I'm not quite sure why The Washington Post decided so much space in the opinion section should go to the topic of marriage, but I'm glad it did. There were two thought-provoking pieces there, one about myths of marriage and another about how Dan Quayle might have been right 20 years ago in that whole Murphy Brown kerfuffle.
This is a tough topic, in political circles, to be both truthful and sensitive. Yet it's a topic worthy of discussion. And I'm happy to see that considerations of marriage's importance are becoming more common in the media. I think a great elephant in the room of American political dialogue is the preponderance of out-of-wedlock births. There is a lot of research to suggest correlation between out-of-wedlock births and fatherless families and poverty. Meanwhile there is significant research to suggest that marriage is something of a token of middle-class affluence. Perhaps it's even a ticket for admission.
Divorce and same-sex marriage might seem to complicate this. To me commitment is the keystone of this dialogue. The important act is two adults entering into a covenant to commit, even with the knowledge that keeping that promise can at times become too difficult to keep.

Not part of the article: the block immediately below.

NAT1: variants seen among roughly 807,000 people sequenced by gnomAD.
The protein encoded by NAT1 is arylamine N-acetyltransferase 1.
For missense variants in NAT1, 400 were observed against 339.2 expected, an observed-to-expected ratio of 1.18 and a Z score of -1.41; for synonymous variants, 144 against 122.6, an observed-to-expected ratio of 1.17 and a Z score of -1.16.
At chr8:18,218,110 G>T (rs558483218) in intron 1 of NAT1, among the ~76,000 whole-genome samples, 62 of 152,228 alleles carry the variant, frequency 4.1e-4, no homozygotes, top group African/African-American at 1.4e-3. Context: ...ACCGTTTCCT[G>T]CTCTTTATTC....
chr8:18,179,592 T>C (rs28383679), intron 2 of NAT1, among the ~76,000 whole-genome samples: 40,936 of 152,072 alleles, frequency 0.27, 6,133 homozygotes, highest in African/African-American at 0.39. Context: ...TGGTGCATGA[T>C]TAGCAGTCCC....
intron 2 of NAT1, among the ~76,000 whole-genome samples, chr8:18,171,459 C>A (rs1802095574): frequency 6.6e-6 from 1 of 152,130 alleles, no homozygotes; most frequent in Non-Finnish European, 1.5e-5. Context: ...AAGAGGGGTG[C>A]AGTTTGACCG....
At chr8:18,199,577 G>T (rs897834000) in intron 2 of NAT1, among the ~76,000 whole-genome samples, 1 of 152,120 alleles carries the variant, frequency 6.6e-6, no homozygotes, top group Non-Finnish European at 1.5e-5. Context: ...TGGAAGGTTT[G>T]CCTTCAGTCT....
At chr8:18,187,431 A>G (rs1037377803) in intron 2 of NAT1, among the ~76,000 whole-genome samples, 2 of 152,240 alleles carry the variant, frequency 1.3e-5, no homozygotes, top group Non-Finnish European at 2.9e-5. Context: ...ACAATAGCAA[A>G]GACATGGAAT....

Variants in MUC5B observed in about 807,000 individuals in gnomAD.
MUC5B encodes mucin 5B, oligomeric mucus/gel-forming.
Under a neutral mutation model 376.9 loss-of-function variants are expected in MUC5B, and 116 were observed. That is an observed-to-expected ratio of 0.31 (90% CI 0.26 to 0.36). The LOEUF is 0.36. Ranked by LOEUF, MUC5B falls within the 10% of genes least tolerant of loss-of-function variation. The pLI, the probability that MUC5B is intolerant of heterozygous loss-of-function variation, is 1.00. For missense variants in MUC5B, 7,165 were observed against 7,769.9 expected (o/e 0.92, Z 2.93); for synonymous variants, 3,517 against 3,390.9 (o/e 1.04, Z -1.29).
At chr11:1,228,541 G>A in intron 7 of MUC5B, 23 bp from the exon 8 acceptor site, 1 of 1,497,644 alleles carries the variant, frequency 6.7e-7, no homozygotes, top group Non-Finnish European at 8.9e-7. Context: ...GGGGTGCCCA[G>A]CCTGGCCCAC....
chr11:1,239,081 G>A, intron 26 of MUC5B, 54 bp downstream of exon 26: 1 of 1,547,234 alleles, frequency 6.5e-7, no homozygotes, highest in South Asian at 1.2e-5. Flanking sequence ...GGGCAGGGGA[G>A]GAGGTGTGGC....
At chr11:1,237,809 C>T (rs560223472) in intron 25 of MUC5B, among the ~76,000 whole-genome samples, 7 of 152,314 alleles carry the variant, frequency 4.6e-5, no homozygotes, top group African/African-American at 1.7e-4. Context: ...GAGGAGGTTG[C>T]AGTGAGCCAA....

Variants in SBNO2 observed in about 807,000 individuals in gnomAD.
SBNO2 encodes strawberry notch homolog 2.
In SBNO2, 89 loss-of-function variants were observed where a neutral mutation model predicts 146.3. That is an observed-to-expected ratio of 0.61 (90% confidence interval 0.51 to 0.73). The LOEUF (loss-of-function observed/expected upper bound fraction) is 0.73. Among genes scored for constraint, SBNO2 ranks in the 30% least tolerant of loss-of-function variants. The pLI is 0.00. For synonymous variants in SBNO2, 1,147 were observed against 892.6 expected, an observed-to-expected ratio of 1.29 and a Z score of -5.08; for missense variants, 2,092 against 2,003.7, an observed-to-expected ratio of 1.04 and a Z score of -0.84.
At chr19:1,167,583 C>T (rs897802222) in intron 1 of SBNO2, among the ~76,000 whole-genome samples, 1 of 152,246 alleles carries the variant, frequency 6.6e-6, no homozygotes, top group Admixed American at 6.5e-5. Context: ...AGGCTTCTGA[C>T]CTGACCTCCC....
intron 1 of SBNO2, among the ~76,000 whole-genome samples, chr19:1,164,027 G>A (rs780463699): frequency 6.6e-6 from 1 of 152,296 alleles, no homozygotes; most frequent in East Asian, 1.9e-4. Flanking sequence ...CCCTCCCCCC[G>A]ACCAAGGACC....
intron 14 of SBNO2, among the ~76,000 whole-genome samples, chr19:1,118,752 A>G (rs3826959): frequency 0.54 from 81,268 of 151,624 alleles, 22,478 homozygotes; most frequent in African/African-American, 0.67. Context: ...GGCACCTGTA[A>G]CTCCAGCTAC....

We've become a more tolerant society in the last half century. That is a great thing! But tolerance doesn't mean free-for-all, and I think we would do better if we uplifted, honored, and valued commitment when it comes in the form of marriage between adults. This is where I think those opposed to same-sex marriage have been missing something big: that heterosexuals haven't done the best job advertising commitment as a valuable act in modern-day society.
My own exhibition of being tongue-tied in the previous two paragraphs is perhaps testament to how this is a topic that defies our best attempts to be both truthful and sensitive. I offer these comments knowing and loving people who raised children (and doing a great job of it) outside the institution of marriage. Still, I'm glad media treatment is starting to be cast on what role marriage can play in our culture. After all, we've been through a fascinating transition in the past five decades. Marriages became easier to sever. Divorce became less taboo. Same-sex relationships are seeing growing acceptance. The percentage of births that are out-of-wedlock have grown. Dialogue is welcomed.